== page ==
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Tackling floods, the most frequent natural hazard in the Mediterranean

Source(s):  Euro-Mediterranean Partnership Programme on Prevention, Preparedness and Response to Natural and Man-made Disasters (PPRD South)

Press release

Istanbul, the city that in recent years has paid the highest number of victims to floods, will host on 15-17 February an important workshop on the risk of floods organized by the 5-million EU-funded Programme on Prevention, Preparedness and Response to Natural and Man-made Disasters (PPRD South).

40 experts in flood risk management from the Civil Protection Authorities and other ministries from Albania, Algeria, Bosnia & Herzegovina, Croatia, Egypt, Israel, Italy, Jordan, Lebanon, Montenegro, Morocco, Palestinian Authority, Slovenia, Tunisia and Turkey will meet for three days to discuss about the lessons learned from recent flood events in the region, be informed about the best ways to manage the risk of floods and discuss what the Mediterranean countries can do to reduce their vulnerability in front of such high-impact events.

Mehmet Ersoy, General Director of the Turkish Disaster and Emergency Management Presidency, together with Javier Menendez Bonilla, Head of Operations Sector at the Delegation of the European Union to Turkey will open the event on 15 February. During the workshop, an analysis will be made on the different types of floods affecting the Mediterranean countries - flash floods, river floods, coastal floods – and on the main reasons for the increasing vulnerability to floods: uncontrolled urban sprawl on flood prone areas, construction on slopes, deforestation and land use changes which reduced the soil water retention capacity and increase the run-off rate in case of heavy rains.

Participants will study the available methodologies on how to reduce the flood impact on people, on environment, on cultural heritage and on the economy. They will receive information on the EU Floods Directive with its flood risk assessment tools, risk maps and management plans. The most recent developments regarding floods forecasting and early warning systems will be explained by the European Commission's Joint Research Centre which will focus on the difficulty to deal with flash floods, the most dangerous among the natural disasters in the Mediterranean. In fact, due to their destructive force and the short time between the heavy rain and the flash flood, an effective response is always very difficult.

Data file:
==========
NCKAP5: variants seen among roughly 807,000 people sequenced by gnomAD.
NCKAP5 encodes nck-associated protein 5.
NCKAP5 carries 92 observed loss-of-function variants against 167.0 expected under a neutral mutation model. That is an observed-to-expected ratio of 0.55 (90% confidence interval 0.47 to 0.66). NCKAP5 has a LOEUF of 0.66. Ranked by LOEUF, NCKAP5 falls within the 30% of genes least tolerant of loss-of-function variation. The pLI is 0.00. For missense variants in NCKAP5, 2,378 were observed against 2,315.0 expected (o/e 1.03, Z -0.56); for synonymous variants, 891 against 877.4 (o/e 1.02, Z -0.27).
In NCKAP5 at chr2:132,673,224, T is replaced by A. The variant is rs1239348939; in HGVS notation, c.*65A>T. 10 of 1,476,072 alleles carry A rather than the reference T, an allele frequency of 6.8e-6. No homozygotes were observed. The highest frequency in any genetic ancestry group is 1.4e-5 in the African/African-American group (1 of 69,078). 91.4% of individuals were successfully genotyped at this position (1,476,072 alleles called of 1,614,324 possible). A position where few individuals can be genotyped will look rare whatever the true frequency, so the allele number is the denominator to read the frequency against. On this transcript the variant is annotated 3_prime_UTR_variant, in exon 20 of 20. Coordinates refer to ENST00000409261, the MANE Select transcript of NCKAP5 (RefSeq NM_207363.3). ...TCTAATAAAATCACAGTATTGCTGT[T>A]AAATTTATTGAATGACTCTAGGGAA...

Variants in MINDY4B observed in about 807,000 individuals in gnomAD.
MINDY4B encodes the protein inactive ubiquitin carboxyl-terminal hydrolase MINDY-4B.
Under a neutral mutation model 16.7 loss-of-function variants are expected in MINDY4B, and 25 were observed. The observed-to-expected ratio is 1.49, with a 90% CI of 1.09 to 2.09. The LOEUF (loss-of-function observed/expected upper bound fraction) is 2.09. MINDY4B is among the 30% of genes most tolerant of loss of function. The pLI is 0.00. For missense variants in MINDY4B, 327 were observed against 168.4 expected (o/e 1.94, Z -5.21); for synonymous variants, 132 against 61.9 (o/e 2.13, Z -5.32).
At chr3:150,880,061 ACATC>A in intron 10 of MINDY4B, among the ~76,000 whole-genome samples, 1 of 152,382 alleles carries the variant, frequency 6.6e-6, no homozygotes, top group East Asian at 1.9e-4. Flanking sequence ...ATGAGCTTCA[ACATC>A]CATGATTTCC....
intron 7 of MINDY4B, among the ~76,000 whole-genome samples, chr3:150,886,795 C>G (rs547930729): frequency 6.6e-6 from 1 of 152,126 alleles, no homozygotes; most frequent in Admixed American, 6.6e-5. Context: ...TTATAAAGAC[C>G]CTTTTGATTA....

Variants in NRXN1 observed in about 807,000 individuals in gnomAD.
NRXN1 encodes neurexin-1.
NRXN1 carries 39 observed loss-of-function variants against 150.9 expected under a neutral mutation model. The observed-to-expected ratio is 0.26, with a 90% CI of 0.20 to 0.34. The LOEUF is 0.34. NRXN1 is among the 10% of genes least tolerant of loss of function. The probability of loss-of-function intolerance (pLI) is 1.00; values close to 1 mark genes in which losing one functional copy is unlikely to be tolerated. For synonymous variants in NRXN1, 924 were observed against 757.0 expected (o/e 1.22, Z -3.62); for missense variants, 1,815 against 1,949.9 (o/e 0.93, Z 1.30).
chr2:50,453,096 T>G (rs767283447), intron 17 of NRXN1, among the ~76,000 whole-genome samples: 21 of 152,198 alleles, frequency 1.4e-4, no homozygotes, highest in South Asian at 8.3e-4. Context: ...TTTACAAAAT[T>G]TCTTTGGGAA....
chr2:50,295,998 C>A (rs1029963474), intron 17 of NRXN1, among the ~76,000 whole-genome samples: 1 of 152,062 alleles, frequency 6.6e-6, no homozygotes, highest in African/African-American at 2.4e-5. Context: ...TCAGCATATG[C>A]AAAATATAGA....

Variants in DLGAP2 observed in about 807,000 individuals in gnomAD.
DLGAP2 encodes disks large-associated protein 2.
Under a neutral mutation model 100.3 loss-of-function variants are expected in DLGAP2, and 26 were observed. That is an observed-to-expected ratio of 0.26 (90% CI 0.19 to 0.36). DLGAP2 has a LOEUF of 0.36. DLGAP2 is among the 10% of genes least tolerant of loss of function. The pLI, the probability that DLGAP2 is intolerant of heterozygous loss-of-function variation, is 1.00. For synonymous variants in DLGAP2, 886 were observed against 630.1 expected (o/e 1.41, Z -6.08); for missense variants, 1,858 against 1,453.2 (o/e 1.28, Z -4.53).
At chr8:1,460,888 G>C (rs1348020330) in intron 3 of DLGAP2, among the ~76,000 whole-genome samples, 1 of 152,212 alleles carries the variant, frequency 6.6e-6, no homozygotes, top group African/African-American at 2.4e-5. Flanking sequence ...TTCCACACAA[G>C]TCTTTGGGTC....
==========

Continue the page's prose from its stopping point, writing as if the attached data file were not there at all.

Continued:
Finally, during the practical exercises, participants will simulate the whole process of flood risk assessment, mapping and planning the right management measures with the aim to help reduce the impact of such a natural disaster.

According to the EMDAT Disaster Database, floods remain the most common natural disaster in the Mediterranean. In the period 1990-2010, floods accounted for 35% of all natural disasters that hit the Mediterranean region (Albania, Algeria, Bosnia-Herzegovina, Croatia, Cyprus, Egypt, France, Greece, Israel, Italy, Jordan, Lebanon, Libya, Malta, Montenegro, Morocco, occupied Palestinian territory, Slovenia, Spain, Syria, Tunisia and Turkey). Some 210 destructive flood events struck the 22 countries during the past 20 years affecting 3,220,000 people, causing 4,250 dead, and economic losses totalling 25,000 billion Euros.

The Southern and Eastern Mediterranean countries recorded the highest number of deaths with 3,820 victims mostly due to sudden flash floods striking intensely populated urban areas built in flood prone zones, while the northern Mediterranean countries - Italy, France, Spain, Greece, Slovenia and Albania - registered the highest economic impacts with 21,400 billion euro losses mostly due to flash floods striking touristic coastal towns built without adequate protection or due to river floods inundating plains whose land use was shifted from forest, woodland or agriculture to commerce and industry.

Contact: Alessandro Candeloro, +39 349 0850931,

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  • Publication date 09 Feb 2011

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